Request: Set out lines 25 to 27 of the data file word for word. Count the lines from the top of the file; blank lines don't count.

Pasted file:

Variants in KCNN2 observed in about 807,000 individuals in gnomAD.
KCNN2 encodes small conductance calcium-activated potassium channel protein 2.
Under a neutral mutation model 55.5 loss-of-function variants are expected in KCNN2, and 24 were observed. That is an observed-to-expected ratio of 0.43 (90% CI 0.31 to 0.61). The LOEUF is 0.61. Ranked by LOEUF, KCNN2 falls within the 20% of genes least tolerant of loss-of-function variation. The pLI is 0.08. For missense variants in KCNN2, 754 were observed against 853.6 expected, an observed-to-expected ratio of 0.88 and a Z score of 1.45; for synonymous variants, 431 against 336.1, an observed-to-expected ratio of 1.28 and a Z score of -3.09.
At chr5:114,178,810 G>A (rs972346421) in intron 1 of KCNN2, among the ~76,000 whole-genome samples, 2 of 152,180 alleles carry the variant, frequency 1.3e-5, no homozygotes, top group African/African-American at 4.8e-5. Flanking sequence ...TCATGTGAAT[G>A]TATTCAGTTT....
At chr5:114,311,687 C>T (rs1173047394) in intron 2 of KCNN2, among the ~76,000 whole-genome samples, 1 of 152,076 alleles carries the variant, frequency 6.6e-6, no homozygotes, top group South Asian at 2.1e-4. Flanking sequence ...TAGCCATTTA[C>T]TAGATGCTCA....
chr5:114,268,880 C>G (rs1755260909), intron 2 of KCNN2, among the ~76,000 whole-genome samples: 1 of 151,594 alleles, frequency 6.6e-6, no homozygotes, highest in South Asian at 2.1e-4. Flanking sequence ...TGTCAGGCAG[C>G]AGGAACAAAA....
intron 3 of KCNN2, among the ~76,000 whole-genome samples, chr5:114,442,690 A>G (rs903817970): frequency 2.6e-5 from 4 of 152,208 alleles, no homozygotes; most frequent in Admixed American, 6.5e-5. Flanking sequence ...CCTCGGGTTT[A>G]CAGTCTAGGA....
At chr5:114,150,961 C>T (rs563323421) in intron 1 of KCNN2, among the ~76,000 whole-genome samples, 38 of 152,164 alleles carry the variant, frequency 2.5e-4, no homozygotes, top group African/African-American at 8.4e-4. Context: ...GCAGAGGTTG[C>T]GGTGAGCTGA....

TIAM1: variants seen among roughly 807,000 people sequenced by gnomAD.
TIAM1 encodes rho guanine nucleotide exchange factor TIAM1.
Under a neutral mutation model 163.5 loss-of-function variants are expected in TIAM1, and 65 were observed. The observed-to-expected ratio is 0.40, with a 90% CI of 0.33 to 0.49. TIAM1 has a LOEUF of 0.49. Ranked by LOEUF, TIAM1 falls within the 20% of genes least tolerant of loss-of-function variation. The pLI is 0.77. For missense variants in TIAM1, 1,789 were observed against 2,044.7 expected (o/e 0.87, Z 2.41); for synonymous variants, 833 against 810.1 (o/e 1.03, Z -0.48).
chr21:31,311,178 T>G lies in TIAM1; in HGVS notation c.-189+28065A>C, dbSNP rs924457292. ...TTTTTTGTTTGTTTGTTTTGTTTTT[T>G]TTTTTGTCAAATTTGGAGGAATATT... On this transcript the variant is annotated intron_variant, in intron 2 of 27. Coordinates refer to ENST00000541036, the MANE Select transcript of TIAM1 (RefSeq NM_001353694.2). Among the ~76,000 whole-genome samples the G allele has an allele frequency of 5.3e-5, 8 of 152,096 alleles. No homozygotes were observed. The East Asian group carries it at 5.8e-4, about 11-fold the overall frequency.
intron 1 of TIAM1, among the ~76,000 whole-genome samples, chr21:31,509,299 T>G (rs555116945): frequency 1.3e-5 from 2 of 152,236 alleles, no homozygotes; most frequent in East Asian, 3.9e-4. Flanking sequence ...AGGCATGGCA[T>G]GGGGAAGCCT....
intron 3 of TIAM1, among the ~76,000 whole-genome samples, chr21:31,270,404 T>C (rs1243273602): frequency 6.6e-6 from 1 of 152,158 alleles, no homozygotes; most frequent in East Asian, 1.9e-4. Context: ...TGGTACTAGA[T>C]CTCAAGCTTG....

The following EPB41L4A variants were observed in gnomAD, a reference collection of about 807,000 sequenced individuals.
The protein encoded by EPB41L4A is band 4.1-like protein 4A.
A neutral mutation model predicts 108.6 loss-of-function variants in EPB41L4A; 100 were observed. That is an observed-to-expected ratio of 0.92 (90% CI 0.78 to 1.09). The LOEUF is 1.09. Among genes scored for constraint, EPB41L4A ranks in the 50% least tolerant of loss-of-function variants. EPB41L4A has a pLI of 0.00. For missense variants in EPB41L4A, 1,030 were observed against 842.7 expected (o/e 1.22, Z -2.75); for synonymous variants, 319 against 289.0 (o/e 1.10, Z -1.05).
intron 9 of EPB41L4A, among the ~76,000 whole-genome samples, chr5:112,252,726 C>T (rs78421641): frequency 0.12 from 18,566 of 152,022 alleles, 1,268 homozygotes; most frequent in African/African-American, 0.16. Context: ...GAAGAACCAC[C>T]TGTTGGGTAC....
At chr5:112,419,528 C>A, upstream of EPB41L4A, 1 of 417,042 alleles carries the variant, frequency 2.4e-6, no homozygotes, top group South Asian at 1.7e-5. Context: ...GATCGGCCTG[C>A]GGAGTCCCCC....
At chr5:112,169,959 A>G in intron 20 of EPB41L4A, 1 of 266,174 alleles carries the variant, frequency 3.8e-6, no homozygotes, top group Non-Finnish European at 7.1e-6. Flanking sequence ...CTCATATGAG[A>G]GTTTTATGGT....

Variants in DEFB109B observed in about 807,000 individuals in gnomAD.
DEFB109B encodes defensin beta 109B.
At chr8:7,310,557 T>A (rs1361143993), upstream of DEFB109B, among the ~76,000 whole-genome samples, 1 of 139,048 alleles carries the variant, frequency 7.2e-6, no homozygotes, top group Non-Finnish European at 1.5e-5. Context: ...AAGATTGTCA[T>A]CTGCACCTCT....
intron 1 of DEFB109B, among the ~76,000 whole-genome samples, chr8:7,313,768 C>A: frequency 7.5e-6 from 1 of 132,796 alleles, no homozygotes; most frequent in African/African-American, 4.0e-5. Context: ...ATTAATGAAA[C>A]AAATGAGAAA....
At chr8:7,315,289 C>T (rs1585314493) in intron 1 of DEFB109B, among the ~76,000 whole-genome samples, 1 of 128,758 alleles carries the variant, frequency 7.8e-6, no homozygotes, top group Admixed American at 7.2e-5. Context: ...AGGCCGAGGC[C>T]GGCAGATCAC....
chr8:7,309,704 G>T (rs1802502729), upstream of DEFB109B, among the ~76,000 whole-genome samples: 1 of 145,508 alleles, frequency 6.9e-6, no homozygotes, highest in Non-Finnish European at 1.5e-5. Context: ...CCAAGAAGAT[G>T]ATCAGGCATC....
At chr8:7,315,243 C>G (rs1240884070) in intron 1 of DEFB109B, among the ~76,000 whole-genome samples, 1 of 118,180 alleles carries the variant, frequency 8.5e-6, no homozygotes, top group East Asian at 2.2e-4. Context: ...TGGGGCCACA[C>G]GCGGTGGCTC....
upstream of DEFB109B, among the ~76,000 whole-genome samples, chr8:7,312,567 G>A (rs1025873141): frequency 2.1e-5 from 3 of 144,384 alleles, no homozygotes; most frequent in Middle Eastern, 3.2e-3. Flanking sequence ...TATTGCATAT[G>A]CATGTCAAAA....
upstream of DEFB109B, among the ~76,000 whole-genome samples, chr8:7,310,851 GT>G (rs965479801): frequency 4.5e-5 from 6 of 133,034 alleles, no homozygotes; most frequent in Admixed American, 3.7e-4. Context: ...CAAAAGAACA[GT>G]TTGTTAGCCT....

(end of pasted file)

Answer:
At chr8:7,315,289 C>T (rs1585314493) in intron 1 of DEFB109B, among the ~76,000 whole-genome samples, 1 of 128,758 alleles carries the variant, frequency 7.8e-6, no homozygotes, top group Admixed American at 7.2e-5. Context: ...AGGCCGAGGC[C>T]GGCAGATCAC....
chr8:7,309,704 G>T (rs1802502729), upstream of DEFB109B, among the ~76,000 whole-genome samples: 1 of 145,508 alleles, frequency 6.9e-6, no homozygotes, highest in Non-Finnish European at 1.5e-5. Context: ...CCAAGAAGAT[G>T]ATCAGGCATC....
At chr8:7,315,243 C>G (rs1240884070) in intron 1 of DEFB109B, among the ~76,000 whole-genome samples, 1 of 118,180 alleles carries the variant, frequency 8.5e-6, no homozygotes, top group East Asian at 2.2e-4. Context: ...TGGGGCCACA[C>G]GCGGTGGCTC....